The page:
Equisetum arvense, commonly known as the Field Horsetail or Common Horsetail, is a rather bushy perennial with a rhizomatous stem formation native to the northern hemisphere. These horsetails may have sterile or fertile stems. Sterile stems start to grow after the fertile stems have wilted. The sterile stems tend to be much taller and bushier, with the jointed segments being around one inch (2.5 cm) long with a diameter of about 1/20th of an inch (1 mm). These segments contain one set of whorled, slender, erect branches each. Some stems can have as many as 20 segments and be as tall as 2-24 inches (5–60 cm). The fertile stems tend to be half as tall as the sterile stems and also tend to be more succulent.
This plant also has a very high diploid number - 216 (108 pairs of chromosomes) - which is roughly 5 times greater than the human diploid number (46).
The plant contains several substances which can be used medicinally. It is rich in the minerals silicon (10%), potassium, and calcium, which gives it diuretic properties. It is prescribed to care for (cartilage, tendons, and bones) and also polyps, epistasis, and bleeding. The buds are eaten as a vegetable in Japan and Korea in spring time. All other Equisetum species are toxic. In polluted conditions, it may synthesise nicotine.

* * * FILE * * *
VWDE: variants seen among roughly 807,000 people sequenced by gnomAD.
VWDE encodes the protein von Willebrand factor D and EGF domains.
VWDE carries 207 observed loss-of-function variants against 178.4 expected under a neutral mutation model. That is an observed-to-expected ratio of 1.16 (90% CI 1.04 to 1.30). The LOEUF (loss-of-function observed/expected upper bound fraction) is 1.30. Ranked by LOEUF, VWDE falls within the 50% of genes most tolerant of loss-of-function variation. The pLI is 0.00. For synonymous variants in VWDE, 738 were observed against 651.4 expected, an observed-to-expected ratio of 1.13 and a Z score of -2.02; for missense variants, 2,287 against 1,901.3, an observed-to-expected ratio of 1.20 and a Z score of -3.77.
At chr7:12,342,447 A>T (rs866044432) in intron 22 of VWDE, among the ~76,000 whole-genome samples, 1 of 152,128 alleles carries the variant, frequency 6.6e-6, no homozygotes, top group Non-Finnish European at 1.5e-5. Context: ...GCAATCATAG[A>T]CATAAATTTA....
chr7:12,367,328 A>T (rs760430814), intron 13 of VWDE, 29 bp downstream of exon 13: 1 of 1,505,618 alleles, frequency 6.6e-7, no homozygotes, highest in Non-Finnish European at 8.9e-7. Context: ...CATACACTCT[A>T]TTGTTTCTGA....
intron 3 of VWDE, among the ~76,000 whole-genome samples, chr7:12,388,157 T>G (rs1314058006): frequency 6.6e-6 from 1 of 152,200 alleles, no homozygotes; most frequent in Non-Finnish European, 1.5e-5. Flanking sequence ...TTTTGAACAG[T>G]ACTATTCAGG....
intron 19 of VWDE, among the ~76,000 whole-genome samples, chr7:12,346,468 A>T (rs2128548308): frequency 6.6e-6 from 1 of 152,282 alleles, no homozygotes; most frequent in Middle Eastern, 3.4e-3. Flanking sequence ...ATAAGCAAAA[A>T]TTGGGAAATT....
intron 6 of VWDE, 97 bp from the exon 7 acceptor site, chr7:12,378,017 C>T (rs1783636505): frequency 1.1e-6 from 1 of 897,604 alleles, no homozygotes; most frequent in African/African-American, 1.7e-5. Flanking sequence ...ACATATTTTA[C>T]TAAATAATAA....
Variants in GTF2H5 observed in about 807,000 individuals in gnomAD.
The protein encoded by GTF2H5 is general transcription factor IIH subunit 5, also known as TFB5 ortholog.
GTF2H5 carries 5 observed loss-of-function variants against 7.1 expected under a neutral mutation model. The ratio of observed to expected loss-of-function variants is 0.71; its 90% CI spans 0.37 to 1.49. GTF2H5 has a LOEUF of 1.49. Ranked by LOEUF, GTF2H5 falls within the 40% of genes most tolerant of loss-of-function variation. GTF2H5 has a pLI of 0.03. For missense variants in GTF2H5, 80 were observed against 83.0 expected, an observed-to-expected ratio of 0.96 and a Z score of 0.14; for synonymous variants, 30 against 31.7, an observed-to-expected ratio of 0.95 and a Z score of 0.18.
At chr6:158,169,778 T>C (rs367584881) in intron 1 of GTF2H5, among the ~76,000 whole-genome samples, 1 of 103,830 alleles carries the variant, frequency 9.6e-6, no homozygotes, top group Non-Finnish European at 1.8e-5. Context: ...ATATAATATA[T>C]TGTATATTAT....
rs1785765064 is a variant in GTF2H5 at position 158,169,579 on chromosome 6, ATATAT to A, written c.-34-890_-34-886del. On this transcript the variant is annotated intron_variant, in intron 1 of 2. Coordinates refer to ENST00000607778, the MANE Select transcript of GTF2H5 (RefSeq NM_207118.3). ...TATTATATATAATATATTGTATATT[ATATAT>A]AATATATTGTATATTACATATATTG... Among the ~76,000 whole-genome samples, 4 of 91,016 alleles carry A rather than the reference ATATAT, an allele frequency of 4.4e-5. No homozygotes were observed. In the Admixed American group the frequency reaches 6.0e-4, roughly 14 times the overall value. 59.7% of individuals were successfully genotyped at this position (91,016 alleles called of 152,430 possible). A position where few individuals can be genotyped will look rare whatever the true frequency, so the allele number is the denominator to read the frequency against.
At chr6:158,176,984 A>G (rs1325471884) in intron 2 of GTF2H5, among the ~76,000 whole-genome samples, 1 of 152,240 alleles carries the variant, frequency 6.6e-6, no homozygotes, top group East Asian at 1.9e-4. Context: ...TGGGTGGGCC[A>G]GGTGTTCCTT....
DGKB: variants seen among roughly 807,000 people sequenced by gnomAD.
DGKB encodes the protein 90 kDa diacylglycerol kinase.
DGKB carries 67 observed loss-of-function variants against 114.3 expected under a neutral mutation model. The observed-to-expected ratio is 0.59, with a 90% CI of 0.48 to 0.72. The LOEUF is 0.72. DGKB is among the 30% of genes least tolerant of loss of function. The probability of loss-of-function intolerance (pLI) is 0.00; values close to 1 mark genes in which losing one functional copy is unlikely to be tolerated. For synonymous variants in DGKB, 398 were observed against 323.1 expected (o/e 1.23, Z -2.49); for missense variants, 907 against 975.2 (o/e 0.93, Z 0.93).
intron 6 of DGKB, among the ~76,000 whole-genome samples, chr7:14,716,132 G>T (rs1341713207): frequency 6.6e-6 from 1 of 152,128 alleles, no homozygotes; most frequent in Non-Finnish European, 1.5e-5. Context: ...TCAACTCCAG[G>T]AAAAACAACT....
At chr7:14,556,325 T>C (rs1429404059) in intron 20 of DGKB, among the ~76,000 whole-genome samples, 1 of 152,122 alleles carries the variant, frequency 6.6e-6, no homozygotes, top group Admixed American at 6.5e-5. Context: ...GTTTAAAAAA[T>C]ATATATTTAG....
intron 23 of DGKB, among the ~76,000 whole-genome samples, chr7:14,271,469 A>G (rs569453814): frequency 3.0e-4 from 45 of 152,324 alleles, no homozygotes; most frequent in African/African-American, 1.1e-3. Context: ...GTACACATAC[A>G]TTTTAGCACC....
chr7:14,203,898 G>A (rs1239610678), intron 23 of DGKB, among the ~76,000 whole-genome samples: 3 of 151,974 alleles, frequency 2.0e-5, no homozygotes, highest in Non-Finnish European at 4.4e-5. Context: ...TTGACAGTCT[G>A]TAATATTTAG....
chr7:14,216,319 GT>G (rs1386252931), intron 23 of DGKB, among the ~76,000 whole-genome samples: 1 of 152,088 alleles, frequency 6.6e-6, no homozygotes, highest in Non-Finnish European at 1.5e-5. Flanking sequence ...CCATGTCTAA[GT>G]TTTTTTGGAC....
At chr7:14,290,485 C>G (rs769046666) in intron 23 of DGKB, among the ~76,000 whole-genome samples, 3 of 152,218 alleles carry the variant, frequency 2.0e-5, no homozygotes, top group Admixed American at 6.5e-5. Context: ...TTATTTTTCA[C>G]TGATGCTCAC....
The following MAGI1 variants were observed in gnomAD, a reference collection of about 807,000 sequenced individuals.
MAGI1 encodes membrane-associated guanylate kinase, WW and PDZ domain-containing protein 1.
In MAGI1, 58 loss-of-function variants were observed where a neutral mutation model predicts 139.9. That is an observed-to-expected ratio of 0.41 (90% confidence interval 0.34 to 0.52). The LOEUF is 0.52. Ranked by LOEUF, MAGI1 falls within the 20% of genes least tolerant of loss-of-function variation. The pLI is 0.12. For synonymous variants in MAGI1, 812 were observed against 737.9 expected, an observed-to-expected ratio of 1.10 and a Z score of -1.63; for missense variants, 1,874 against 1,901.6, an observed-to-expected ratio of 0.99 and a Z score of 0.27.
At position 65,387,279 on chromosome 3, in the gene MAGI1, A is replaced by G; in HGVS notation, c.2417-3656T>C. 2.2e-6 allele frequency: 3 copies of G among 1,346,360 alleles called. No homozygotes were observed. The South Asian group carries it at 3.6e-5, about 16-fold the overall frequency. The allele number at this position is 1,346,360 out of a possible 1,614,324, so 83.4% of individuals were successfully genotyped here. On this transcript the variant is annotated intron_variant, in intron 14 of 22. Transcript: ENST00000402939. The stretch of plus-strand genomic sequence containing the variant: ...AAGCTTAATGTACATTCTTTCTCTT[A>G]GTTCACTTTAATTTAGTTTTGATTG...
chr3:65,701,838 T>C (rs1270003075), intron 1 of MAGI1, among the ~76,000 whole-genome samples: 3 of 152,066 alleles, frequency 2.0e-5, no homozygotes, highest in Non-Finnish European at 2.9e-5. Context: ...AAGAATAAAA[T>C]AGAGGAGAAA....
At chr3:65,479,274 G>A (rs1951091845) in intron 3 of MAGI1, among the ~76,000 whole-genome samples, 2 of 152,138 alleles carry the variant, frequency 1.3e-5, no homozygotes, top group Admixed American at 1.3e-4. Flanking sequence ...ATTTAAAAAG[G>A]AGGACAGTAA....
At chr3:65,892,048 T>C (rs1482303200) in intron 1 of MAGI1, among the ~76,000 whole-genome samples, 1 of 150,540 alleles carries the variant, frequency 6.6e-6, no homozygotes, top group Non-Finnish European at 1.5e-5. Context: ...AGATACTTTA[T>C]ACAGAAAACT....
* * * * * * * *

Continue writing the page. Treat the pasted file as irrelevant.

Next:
It was also once used to polish pewter and wood (gaining the name pewterwort) and to strengthen fingernails. Also as an abrasive: it was used by Hurdy-Gurdy players to dress the wheels of their instruments by removing resin build up.
In herbalism it is used to treat kidney and bladder problems, gastro-enteritis, and prostate and urinary infections, and is particularly indicated for enuresis in children. Externally it is used for chilblains and wounds.
See Also: bunga, toko bunga, bunga papan
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